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Michelle Rhee's early test scores uncovered


Ohanian Comment: Jay Mathews explains the difference between lying and being wrong. Question: How long do you get to avoid admitting you were wrong before it becomes a lie?

NOTE: Guy Brandenburg's blog is always worth reading.


Paul A. Moore Comment:
Well Mr. Mathews, your death bed confession is on the record. But you must count heavily on the most merciful of gods. For the monster you helped to create still roams the land. One day standing beside the teacher-hating Governor Christie in New Jersey, the next day visiting an Opa-Locka charter school with voucher loving Governor Scott in Florida. One day sitting before Oprah Winfrey's national TV audience and being lauded as a "warrior woman", the next collecting the checks of the oligarchs and the Wall Street bankers for her teacher's union busting cult.

I'm at a loss to understand the distinction you make between lying and memory lapse. I got the distinct impression you were a proponent of "data driven" education. Data is precise. Test scores are there or they are not. But I'm going to give your new take on this a try. When they come to rate me as a teacher on a value added basis, no matter the scores, I'll tell them that I clearly remember teaching my students those test taking skills.

Wish me luck and may God have mercy on your journalistic soul.

And just for old time sake, one more time, "The Fable of Michelle Rhee" by Jay Mathews.


Once upon a time, there was a young Ivy League missionary with a couple years to kill before getting on with her life's work. Rather than backpacking through Europe or climbing Mt. Kilimanjaro after a safari in Africa, our intrepid heroine plunged into the mean streets of Baltimore where children who live in poverty test poorly.

One day the Ivy League princess was struck down like St. Paul on the way to Damascus. Sit the poor children in a circle, the voice told her. And sit them in a circle she did.

They forevermore scored like rich children on tests. Just take my word on that. I swear its true. And they all lived happily ever after. No, no really, stop laughing. How rude. Ok, that's enough, get up off the floor. Geez, its a fairy tale. You know like Pinocchio?



by Jay Mathews

G.F. Brandenburg, a retired D.C. math teacher with an irresistible blog, has done it again. If he had chosen a career in journalism instead of teaching, no U.S. president would have finished out his first term. He has found the missing test score data from former D.C. schools chancellor's early years as a classroom teacher, something I did not think was possible.

He has proved that Rhee's results weren't nearly as good as she said they were.

You can find Brandenburg's revelations if you scroll down on his blog to the Jan. 31 item "The Rhee Miracle Examined Again--By Cohort." Then go back further for other recent pieces he has done, with many charts, to make his findings clear. You may also be enlightened by his most recent Feb. 8 item, "The Cluelessness of Rhee, Kopp and Mathews," which finds fault with my Feb. 3 column on Teach For America founder Wendy Kopp's new book. It is an honor, of a sort, to be mentioned by Brandenburg in the same headline as Rhee, who has been his prime target for years.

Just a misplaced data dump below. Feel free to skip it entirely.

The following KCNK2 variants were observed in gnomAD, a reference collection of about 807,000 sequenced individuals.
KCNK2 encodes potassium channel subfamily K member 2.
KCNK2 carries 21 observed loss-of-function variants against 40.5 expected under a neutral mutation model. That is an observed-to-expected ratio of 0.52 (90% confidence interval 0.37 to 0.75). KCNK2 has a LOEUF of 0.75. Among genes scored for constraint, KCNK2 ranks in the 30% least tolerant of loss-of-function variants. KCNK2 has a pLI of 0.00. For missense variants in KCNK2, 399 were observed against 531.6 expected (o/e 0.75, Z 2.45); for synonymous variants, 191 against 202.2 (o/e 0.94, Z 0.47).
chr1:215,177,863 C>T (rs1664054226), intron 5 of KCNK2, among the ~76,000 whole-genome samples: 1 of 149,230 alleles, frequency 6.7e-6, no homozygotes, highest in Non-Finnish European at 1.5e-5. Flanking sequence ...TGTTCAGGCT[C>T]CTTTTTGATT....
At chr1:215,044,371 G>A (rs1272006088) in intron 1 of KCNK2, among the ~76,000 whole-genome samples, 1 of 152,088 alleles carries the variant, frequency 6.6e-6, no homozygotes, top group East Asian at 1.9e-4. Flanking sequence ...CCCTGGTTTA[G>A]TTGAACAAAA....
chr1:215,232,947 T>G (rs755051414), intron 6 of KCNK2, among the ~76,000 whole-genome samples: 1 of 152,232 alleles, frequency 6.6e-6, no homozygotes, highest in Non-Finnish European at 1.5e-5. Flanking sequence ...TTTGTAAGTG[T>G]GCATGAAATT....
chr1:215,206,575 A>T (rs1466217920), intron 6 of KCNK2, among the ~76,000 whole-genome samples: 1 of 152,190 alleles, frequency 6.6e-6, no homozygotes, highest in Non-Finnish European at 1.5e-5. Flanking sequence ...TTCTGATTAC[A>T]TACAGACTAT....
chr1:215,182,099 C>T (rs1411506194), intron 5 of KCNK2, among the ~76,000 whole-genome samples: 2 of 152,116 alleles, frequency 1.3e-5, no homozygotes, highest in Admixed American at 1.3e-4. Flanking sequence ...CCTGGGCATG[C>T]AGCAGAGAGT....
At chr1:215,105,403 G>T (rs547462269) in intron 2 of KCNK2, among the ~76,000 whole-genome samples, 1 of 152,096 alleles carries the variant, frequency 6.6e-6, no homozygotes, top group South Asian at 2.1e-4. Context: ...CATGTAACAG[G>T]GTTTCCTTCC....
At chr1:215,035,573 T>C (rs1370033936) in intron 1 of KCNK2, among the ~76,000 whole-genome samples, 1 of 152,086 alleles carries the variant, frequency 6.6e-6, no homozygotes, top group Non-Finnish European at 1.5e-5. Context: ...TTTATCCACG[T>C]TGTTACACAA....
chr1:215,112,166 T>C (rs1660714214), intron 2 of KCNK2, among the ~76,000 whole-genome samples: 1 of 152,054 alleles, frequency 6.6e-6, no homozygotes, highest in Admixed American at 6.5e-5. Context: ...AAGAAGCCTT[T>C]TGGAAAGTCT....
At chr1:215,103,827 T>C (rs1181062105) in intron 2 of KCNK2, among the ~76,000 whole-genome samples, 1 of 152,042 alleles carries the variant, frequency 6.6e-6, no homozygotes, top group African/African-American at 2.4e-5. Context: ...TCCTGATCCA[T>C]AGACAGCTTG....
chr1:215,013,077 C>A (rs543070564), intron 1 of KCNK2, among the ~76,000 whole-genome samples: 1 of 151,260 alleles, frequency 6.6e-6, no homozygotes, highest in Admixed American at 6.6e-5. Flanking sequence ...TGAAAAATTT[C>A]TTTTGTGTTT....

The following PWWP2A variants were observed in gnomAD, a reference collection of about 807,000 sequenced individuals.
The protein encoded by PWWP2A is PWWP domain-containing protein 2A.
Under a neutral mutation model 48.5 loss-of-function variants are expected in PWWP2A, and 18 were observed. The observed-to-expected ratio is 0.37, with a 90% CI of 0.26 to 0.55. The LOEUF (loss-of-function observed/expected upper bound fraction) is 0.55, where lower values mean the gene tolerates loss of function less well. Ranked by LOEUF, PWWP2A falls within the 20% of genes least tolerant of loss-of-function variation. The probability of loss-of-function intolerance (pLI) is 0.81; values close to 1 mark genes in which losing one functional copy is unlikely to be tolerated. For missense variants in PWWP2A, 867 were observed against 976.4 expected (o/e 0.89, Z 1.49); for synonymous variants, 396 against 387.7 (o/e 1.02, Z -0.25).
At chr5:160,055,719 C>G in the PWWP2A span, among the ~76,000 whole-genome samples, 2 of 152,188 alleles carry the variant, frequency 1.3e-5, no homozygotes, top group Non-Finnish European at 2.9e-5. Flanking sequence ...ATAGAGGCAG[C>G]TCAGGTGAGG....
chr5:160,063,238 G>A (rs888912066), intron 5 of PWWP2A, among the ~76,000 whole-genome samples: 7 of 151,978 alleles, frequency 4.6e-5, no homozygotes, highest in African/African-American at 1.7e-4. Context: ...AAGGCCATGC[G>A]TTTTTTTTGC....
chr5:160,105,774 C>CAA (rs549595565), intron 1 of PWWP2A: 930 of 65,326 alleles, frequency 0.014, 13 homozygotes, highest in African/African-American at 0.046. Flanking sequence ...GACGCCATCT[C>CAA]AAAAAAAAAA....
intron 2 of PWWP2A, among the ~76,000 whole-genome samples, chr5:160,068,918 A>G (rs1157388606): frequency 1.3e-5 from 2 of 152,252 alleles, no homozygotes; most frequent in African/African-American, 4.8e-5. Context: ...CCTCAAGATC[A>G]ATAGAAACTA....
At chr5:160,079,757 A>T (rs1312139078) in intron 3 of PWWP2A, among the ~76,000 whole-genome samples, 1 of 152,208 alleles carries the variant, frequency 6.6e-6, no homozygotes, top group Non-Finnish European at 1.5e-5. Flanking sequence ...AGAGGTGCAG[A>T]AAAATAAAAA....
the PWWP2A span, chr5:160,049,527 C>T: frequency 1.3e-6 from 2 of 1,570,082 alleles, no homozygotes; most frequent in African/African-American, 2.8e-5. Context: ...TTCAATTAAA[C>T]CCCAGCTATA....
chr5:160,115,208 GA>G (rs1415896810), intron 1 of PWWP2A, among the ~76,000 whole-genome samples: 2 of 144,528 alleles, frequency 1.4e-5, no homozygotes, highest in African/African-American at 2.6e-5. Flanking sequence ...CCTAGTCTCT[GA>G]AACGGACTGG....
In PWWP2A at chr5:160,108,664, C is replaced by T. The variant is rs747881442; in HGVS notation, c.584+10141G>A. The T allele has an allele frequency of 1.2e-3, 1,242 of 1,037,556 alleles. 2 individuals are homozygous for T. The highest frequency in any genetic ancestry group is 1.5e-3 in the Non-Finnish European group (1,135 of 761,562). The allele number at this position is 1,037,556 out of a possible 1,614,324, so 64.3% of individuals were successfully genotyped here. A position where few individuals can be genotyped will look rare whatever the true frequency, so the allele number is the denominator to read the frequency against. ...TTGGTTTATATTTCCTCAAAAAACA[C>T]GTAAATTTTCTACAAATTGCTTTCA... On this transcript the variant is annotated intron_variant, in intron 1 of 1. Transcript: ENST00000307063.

My only complaint about Brandenburg's scoop is his persistent misuse of the word "lie." He says Rhee "has lied repeatedly" about her students' test score gains at Harlem Park Elementary School, then gives no evidence of that.

As I used to try to explain to my children when they got in a lather about what somebody told them, there is a big difference between telling a lie and saying something wrong. If you say words that you think are right, but are not, that is not a lie. Lying means knowingly embracing a falsehood.

Rhee told me that her information about huge gains in her students' scores came from her principal at the time. She had no data to back it up, but went with the best information she had, her memory, when asked how her students did. Until Brandenburg dug deep, nobody had the real data.

He unearthed a report on the work of the private company contracted by Baltimore to run Rhee's school when she was there in the early to mid 1900s. His data come from an academic paper, The UMBC Evaluation of the Tesseract Program in Baltimore City, written by Lois C. Williams and Lawrence E. Leak.

I checked Richard Whitmire's new biography of Rhee, The Bee Eater, to see if he has more on her Baltimore teaching years. He does not mention Brandenburg's research, and appears somewhat neutral on the argument over this issue. He quotes Rhee as saying on her resume that after two years 90 percent of her students had reached the 90th percentile in reading and math, but he also quotes other officials casting doubt on that statement. Rhee's principal, according to Whitmire, backed up Rhee. She said the students' achievement level climbed impressively. But she did not have the results to confirm that. These were not official state tests that would have been preserved and made public, but private company records.

Now we know how Rhee's kids did. Their scores went up, it appears, but not that much.

I don't think Rhee's successor, Kaya Henderson, has made any claims about how her middle school Spanish language students did in the South Bronx when she was a Teacher For America teacher. But if she does, stand back. I am beginning to think there is no document Brandenburg can't find, if you give him enough time and motivation.


— Jay Mathews, with comments by Paul A. Moore
Washington Post

2011-02-08

http://voices.washingtonpost.com/class-struggle/2011/02/michelle_rhees_early_test_scor.html

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